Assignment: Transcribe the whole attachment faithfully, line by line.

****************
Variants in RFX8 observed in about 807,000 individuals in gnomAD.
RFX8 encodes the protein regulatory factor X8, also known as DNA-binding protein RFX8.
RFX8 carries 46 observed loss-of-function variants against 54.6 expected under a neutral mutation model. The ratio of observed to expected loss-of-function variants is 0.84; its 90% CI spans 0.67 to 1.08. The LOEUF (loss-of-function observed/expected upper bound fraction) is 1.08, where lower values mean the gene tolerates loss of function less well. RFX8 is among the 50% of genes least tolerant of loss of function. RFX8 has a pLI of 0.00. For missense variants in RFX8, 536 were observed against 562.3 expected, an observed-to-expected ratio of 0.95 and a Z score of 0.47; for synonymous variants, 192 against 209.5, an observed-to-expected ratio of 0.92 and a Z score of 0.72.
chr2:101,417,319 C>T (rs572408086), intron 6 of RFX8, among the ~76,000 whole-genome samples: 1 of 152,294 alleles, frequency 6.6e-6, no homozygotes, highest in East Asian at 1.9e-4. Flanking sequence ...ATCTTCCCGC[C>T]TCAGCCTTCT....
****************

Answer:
Variants in RFX8 observed in about 807,000 individuals in gnomAD.
RFX8 encodes the protein regulatory factor X8, also known as DNA-binding protein RFX8.
RFX8 carries 46 observed loss-of-function variants against 54.6 expected under a neutral mutation model. The ratio of observed to expected loss-of-function variants is 0.84; its 90% CI spans 0.67 to 1.08. The LOEUF (loss-of-function observed/expected upper bound fraction) is 1.08, where lower values mean the gene tolerates loss of function less well. RFX8 is among the 50% of genes least tolerant of loss of function. RFX8 has a pLI of 0.00. For missense variants in RFX8, 536 were observed against 562.3 expected, an observed-to-expected ratio of 0.95 and a Z score of 0.47; for synonymous variants, 192 against 209.5, an observed-to-expected ratio of 0.92 and a Z score of 0.72.
chr2:101,417,319 C>T (rs572408086), intron 6 of RFX8, among the ~76,000 whole-genome samples: 1 of 152,294 alleles, frequency 6.6e-6, no homozygotes, highest in East Asian at 1.9e-4. Flanking sequence ...ATCTTCCCGC[C>T]TCAGCCTTCT....